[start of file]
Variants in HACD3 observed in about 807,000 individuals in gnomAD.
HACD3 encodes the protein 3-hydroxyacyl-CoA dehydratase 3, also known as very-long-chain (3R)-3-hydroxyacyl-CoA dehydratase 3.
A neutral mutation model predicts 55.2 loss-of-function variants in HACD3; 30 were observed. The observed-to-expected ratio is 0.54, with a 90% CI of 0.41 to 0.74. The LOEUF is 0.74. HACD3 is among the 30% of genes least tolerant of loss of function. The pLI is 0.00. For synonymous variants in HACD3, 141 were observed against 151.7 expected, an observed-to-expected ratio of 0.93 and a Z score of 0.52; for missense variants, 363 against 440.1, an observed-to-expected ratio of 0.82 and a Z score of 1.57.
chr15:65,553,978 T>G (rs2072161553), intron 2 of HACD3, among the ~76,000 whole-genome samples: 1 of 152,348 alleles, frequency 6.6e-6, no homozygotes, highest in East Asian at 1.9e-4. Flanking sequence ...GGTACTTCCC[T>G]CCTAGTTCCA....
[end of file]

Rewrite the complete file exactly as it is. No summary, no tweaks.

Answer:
Variants in HACD3 observed in about 807,000 individuals in gnomAD.
HACD3 encodes the protein 3-hydroxyacyl-CoA dehydratase 3, also known as very-long-chain (3R)-3-hydroxyacyl-CoA dehydratase 3.
A neutral mutation model predicts 55.2 loss-of-function variants in HACD3; 30 were observed. The observed-to-expected ratio is 0.54, with a 90% CI of 0.41 to 0.74. The LOEUF is 0.74. HACD3 is among the 30% of genes least tolerant of loss of function. The pLI is 0.00. For synonymous variants in HACD3, 141 were observed against 151.7 expected, an observed-to-expected ratio of 0.93 and a Z score of 0.52; for missense variants, 363 against 440.1, an observed-to-expected ratio of 0.82 and a Z score of 1.57.
chr15:65,553,978 T>G (rs2072161553), intron 2 of HACD3, among the ~76,000 whole-genome samples: 1 of 152,348 alleles, frequency 6.6e-6, no homozygotes, highest in East Asian at 1.9e-4. Flanking sequence ...GGTACTTCCC[T>G]CCTAGTTCCA....